Tony Abbott’s government has managed, yet again, to delay making a decision about equal marriage.
Opinion poll after opinion poll shows an overwhelming majority of Australians supporting equal marriage — more than 70% support for marriage equality in the last poll conducted by Liberal Party pollsters Crosby Textor — but Tony Abbott continues to drag his feet.
As a means of putting to rest the internal division between members of the Coalition over the issue, Abbott made a vague call for a referendum or plebiscite to be held after the next election, justifying it by saying that he wanted “to put it to the people”.
Why this issue needs to be put to the people and not equally polarising issues, such as incarcerating asylum seekers or raising the GST, or why it needs to wait until after the next election, was not fully explained.
Unless, as many have pointed out, it’s not really about wanting to put it to the people and more about Abbott being a millstone around the neck of social progress in Australia, and delaying action around marriage equality.
Indeed as some members of the Coalition have pointed out, a referendum is not required to introduce equal marriage, as the constitution doesn’t require amendment — all that is required is an Act of Parliament.
If such an Act does eventually pass the parliament, which despite Abbott’s best efforts does appear to be inevitable, it will not bring about the destruction of society, as one opponent of equal marriage tried to tell me before the rally in Sydney last weekend.
What it will do is bestow the same rights to homosexual couples that are afforded to heterosexual couples. Society’s attitudes have shifted enormously and continue to evolve around this issue. But the continued presence of homophobia and the fact that rates of self-harm and attempted suicide are significantly higher among LGBTI people than among non-LGBTI populations, show we still have a long way to go.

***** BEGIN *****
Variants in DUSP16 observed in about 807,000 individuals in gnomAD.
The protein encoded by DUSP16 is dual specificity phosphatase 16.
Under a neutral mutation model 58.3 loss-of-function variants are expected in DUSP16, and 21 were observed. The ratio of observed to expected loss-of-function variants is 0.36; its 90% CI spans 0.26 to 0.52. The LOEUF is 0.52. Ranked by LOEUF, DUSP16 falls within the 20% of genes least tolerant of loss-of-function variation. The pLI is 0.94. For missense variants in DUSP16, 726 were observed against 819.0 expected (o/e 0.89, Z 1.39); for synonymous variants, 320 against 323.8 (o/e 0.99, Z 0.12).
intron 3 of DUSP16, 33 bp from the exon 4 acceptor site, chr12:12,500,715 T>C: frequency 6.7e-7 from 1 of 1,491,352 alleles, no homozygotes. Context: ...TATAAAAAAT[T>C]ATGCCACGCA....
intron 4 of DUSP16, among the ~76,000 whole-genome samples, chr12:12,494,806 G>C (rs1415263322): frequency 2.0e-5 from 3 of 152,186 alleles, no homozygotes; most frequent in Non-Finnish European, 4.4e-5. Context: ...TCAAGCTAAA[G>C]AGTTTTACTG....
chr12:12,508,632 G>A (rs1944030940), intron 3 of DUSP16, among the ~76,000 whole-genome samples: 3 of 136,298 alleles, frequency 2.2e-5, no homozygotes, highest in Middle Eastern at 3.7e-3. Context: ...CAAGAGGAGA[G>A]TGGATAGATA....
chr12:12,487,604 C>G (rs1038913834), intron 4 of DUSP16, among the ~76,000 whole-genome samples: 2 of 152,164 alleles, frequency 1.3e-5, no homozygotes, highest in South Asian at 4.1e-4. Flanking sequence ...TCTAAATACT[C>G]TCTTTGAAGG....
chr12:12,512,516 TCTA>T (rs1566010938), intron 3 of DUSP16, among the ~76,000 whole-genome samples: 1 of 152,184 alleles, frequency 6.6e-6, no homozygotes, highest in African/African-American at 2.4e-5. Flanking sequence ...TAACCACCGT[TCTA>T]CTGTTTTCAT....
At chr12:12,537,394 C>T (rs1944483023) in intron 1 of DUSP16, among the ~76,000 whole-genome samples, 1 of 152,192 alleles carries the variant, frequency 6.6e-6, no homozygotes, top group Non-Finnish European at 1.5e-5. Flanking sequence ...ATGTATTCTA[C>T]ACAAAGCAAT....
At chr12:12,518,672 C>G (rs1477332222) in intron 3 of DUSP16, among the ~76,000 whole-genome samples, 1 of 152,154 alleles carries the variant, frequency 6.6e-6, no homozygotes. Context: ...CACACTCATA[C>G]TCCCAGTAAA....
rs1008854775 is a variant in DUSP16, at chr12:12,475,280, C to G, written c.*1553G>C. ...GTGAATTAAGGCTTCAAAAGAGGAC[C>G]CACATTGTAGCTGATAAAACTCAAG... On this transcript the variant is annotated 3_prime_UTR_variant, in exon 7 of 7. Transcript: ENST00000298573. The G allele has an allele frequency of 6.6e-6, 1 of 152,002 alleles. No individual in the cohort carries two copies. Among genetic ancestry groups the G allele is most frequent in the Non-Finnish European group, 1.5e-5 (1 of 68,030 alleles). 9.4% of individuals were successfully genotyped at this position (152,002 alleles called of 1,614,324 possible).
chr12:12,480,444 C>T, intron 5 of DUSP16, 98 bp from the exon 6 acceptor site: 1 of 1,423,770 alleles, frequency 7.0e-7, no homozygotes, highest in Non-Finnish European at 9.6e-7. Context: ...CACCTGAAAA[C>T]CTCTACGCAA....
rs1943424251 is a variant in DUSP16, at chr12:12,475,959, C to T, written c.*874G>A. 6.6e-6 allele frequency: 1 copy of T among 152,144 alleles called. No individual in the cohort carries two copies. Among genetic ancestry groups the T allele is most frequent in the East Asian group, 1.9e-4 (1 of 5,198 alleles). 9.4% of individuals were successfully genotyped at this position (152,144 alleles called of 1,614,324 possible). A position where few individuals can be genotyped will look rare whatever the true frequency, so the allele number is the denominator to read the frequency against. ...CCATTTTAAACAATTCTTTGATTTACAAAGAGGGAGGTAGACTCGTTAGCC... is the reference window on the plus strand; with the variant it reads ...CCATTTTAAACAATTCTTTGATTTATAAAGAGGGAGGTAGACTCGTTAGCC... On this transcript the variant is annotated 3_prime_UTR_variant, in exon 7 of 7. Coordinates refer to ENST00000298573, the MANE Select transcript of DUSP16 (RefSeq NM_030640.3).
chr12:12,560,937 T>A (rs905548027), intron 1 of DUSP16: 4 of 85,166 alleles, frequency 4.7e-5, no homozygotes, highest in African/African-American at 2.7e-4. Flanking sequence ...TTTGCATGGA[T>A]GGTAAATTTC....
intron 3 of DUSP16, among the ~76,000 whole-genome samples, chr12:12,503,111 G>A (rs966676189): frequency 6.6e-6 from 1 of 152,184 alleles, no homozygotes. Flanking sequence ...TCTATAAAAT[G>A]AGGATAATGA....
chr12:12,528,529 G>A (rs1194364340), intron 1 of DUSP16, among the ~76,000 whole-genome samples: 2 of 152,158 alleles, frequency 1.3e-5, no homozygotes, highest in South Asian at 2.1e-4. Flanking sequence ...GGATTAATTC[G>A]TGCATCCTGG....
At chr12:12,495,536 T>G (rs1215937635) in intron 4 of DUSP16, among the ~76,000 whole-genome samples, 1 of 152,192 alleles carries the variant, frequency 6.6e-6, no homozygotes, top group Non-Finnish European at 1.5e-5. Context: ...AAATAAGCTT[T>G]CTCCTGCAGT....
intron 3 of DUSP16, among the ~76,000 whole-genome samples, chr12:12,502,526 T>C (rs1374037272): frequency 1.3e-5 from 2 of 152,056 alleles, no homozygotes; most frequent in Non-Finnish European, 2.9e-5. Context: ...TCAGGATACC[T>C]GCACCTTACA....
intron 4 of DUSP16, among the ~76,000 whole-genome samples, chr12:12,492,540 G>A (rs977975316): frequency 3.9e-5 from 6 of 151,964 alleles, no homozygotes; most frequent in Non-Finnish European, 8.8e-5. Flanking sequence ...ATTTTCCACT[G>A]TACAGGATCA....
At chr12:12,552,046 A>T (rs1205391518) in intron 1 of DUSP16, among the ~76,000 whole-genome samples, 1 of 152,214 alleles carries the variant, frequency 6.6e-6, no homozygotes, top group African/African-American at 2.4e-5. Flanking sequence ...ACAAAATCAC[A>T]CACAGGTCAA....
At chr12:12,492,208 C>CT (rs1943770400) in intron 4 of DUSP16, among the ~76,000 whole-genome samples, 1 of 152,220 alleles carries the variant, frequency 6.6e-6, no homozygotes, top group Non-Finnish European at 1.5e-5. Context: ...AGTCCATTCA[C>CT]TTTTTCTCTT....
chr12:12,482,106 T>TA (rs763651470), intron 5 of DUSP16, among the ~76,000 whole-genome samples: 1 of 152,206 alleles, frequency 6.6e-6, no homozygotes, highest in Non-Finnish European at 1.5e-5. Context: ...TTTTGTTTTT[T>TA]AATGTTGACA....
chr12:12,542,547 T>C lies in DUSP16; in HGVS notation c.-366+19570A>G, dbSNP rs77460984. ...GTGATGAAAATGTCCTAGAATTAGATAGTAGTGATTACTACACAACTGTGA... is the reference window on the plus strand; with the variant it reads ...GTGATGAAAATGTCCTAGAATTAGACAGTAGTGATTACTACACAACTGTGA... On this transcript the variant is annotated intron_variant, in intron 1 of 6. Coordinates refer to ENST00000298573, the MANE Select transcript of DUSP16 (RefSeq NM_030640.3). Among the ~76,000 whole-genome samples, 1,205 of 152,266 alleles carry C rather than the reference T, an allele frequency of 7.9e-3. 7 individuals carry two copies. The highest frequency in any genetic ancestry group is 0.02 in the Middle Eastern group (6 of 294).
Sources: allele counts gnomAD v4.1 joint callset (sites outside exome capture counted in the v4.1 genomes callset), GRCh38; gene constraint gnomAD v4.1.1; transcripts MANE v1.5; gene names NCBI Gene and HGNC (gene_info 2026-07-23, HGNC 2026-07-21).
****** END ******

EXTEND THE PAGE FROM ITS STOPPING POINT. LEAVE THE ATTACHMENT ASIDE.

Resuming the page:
But that’s what proponents of “traditional marriage” seem to miss, that this is larger than just the issue of marriage, it is about equal rights. If legislation allowing equal marriage passes, noone will be forced to marry someone of the same sex, just as there is no obligation to marry someone of the opposite sex. But it will have a huge impact on the lives of particularly young queer people by challenging the toxic and bigoted attitudes in society.
Indeed the cover we ran last week, “Queer pride saves lives” is a testament to Green Left Weekly’s commitment to this campaign. You can help us continue this important work by donating to the GLW fighting fund on the toll-free line at 1800 634 206 (within Australia). Donations can also be made to Green Left Weekly, Commonwealth Bank, BSB 062-006, Account no. 00901992. Otherwise you can send a cheque or money order to PO Box 394, Broadway NSW 2007.